The minister in charge of the country’s purse-strings is denying claims by the opposition that Stephen Harper is trying to avoid some political heat by proroguing parliament.

Critics are pointing to the Pamela Wallin Scandal and rumoured dissent within the Tory backbenches as headaches the Prime Minister doesn’t want to deal with.

Minister Tony Clement was in Big River this week to talk with constituents about the economy and other concerns.

He says those claims are false:

“Uh no it’s just factually untrue and of course many other governments of all stripes have prorogued parliament to issue a throne speech.  So this is pretty well par for the course and it is appropriate this time because we have passed so many bills.”

He says the government has achieved the agenda that was laid out in the Throne Speech two years ago and it’s time to prepare for a new session.

The Member of Parliament for Northern Saskatchewan says his private member’s bill to amend the Indian Act won’t be affected by Stephen Harper’s decision to prorogue parliament.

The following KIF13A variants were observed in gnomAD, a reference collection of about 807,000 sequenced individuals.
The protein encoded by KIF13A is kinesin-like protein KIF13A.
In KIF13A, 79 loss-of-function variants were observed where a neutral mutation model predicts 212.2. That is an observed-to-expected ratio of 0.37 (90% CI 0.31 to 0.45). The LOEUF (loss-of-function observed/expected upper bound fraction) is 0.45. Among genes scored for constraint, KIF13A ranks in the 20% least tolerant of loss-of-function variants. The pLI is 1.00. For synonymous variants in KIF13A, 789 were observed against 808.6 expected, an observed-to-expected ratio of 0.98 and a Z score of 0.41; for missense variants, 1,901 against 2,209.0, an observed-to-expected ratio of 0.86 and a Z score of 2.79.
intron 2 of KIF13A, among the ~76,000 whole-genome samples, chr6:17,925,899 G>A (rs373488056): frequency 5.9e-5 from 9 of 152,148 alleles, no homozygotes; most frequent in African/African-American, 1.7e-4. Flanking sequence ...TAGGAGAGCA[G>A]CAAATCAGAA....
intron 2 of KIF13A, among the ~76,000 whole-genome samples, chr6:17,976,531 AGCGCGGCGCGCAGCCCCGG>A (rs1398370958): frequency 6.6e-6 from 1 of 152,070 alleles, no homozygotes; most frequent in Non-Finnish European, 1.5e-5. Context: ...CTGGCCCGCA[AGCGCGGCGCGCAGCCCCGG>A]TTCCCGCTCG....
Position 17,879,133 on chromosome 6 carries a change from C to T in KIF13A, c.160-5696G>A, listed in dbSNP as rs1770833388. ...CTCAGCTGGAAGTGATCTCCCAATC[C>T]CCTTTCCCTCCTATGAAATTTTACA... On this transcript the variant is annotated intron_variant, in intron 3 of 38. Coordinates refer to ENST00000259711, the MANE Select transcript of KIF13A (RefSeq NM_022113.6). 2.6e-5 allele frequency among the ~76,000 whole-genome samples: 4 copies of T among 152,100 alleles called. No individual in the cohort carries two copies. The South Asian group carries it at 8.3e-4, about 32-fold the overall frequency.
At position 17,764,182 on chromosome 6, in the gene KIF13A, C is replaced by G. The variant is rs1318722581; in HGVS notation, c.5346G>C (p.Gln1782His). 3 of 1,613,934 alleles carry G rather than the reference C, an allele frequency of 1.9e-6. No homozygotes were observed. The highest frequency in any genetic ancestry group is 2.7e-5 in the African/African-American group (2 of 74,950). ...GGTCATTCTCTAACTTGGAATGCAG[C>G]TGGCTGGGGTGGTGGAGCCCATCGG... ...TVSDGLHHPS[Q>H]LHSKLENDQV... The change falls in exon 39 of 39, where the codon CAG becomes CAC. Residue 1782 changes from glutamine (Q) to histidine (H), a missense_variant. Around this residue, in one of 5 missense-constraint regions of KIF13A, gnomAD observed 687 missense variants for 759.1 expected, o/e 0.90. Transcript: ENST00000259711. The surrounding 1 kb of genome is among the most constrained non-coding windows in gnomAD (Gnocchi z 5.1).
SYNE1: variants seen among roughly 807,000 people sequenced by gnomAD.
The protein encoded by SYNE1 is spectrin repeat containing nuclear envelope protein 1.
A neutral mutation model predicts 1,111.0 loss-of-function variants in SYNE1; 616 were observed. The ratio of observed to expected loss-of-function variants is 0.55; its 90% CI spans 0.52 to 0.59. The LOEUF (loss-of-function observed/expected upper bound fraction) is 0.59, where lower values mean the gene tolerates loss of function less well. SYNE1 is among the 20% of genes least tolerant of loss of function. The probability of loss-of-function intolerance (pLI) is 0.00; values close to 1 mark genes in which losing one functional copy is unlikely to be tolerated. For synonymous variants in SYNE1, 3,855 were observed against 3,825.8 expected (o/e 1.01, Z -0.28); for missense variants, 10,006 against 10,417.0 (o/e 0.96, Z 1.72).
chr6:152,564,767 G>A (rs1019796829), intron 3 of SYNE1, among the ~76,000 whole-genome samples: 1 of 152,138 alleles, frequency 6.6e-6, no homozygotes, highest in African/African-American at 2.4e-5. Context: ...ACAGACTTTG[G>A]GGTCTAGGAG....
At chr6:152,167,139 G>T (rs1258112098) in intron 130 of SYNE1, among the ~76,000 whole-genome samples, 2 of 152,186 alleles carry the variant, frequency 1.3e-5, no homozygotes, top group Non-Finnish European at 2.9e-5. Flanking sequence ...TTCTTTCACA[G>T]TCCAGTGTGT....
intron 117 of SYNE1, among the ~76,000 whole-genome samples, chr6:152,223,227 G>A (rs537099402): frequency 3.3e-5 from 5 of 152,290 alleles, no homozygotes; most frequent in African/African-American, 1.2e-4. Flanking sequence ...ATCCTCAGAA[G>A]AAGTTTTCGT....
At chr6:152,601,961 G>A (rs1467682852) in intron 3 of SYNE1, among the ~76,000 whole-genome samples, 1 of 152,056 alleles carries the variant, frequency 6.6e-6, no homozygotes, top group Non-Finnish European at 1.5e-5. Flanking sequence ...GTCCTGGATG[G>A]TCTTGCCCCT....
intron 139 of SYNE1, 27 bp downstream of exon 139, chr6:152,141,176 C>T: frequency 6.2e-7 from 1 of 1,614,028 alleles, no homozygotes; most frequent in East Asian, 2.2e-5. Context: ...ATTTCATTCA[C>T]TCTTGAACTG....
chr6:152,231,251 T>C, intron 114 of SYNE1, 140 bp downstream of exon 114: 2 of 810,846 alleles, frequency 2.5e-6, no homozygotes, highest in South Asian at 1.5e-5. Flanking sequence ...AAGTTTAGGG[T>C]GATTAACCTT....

Clarke says all the government bills will be killed through the prorogation, but Private Member’s bill are safe.

Rob Clarke says the prorogation is really just Stephen Harper’s way of hitting the reset button:

“It’s actually quite common.  It’s been used many times through Canadian history.  What it does, it’s just a reset button which helps bring forward the Prime Minister’s mission statement for the next legislative agenda.”

Clarke expects to be busy in the days and weeks to come.

He says he will be touring communities in Northern Saskatchewan and hosting First Nations meetings and roundtables.